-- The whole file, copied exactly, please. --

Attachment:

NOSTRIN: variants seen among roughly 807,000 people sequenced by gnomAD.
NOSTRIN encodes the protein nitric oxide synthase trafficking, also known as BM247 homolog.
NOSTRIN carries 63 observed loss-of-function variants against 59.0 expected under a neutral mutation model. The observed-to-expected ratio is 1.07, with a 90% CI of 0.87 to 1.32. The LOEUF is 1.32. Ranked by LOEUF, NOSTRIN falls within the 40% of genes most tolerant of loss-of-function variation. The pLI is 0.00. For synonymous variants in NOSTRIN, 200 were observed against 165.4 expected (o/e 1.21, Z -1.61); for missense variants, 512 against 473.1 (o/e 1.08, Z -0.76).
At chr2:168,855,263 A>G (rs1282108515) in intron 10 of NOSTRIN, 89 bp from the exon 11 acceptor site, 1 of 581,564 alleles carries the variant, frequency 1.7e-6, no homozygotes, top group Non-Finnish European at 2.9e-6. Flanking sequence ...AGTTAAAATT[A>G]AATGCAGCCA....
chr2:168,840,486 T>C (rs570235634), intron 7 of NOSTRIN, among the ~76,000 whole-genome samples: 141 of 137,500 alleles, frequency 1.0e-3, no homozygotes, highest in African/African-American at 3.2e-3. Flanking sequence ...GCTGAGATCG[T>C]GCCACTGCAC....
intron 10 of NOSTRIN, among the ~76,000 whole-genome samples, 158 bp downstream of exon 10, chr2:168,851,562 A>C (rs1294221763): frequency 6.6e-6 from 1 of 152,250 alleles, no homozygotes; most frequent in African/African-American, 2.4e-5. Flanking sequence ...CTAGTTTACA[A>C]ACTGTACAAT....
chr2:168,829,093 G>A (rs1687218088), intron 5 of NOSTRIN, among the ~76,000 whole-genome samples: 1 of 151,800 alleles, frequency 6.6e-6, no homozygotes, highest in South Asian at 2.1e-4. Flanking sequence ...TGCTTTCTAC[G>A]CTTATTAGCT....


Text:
NOSTRIN: variants seen among roughly 807,000 people sequenced by gnomAD.
NOSTRIN encodes the protein nitric oxide synthase trafficking, also known as BM247 homolog.
NOSTRIN carries 63 observed loss-of-function variants against 59.0 expected under a neutral mutation model. The observed-to-expected ratio is 1.07, with a 90% CI of 0.87 to 1.32. The LOEUF is 1.32. Ranked by LOEUF, NOSTRIN falls within the 40% of genes most tolerant of loss-of-function variation. The pLI is 0.00. For synonymous variants in NOSTRIN, 200 were observed against 165.4 expected (o/e 1.21, Z -1.61); for missense variants, 512 against 473.1 (o/e 1.08, Z -0.76).
At chr2:168,855,263 A>G (rs1282108515) in intron 10 of NOSTRIN, 89 bp from the exon 11 acceptor site, 1 of 581,564 alleles carries the variant, frequency 1.7e-6, no homozygotes, top group Non-Finnish European at 2.9e-6. Flanking sequence ...AGTTAAAATT[A>G]AATGCAGCCA....
chr2:168,840,486 T>C (rs570235634), intron 7 of NOSTRIN, among the ~76,000 whole-genome samples: 141 of 137,500 alleles, frequency 1.0e-3, no homozygotes, highest in African/African-American at 3.2e-3. Flanking sequence ...GCTGAGATCG[T>C]GCCACTGCAC....
intron 10 of NOSTRIN, among the ~76,000 whole-genome samples, 158 bp downstream of exon 10, chr2:168,851,562 A>C (rs1294221763): frequency 6.6e-6 from 1 of 152,250 alleles, no homozygotes; most frequent in African/African-American, 2.4e-5. Flanking sequence ...CTAGTTTACA[A>C]ACTGTACAAT....
chr2:168,829,093 G>A (rs1687218088), intron 5 of NOSTRIN, among the ~76,000 whole-genome samples: 1 of 151,800 alleles, frequency 6.6e-6, no homozygotes, highest in South Asian at 2.1e-4. Flanking sequence ...TGCTTTCTAC[G>A]CTTATTAGCT....